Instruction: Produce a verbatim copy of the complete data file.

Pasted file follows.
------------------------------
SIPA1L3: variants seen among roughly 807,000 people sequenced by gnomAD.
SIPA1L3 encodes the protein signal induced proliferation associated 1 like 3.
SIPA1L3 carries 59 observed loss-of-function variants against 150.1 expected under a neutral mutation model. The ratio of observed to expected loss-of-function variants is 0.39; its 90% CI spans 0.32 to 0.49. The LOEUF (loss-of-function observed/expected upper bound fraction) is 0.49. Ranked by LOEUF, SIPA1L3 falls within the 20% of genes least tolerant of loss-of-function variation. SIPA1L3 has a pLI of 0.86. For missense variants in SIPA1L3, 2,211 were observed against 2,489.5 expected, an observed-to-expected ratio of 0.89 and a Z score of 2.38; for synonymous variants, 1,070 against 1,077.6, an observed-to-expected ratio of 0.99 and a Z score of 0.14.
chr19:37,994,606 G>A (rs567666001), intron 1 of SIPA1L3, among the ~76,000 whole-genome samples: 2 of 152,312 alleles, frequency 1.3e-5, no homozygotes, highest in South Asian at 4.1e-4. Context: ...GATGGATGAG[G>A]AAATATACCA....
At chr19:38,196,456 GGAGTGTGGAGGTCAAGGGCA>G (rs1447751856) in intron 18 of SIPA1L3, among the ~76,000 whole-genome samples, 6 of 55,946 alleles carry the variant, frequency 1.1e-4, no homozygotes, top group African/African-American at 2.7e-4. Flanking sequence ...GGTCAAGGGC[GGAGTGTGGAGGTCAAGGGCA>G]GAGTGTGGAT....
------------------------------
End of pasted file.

SIPA1L3: variants seen among roughly 807,000 people sequenced by gnomAD.
SIPA1L3 encodes the protein signal induced proliferation associated 1 like 3.
SIPA1L3 carries 59 observed loss-of-function variants against 150.1 expected under a neutral mutation model. The ratio of observed to expected loss-of-function variants is 0.39; its 90% CI spans 0.32 to 0.49. The LOEUF (loss-of-function observed/expected upper bound fraction) is 0.49. Ranked by LOEUF, SIPA1L3 falls within the 20% of genes least tolerant of loss-of-function variation. SIPA1L3 has a pLI of 0.86. For missense variants in SIPA1L3, 2,211 were observed against 2,489.5 expected, an observed-to-expected ratio of 0.89 and a Z score of 2.38; for synonymous variants, 1,070 against 1,077.6, an observed-to-expected ratio of 0.99 and a Z score of 0.14.
chr19:37,994,606 G>A (rs567666001), intron 1 of SIPA1L3, among the ~76,000 whole-genome samples: 2 of 152,312 alleles, frequency 1.3e-5, no homozygotes, highest in South Asian at 4.1e-4. Context: ...GATGGATGAG[G>A]AAATATACCA....
At chr19:38,196,456 GGAGTGTGGAGGTCAAGGGCA>G (rs1447751856) in intron 18 of SIPA1L3, among the ~76,000 whole-genome samples, 6 of 55,946 alleles carry the variant, frequency 1.1e-4, no homozygotes, top group African/African-American at 2.7e-4. Flanking sequence ...GGTCAAGGGC[GGAGTGTGGAGGTCAAGGGCA>G]GAGTGTGGAT....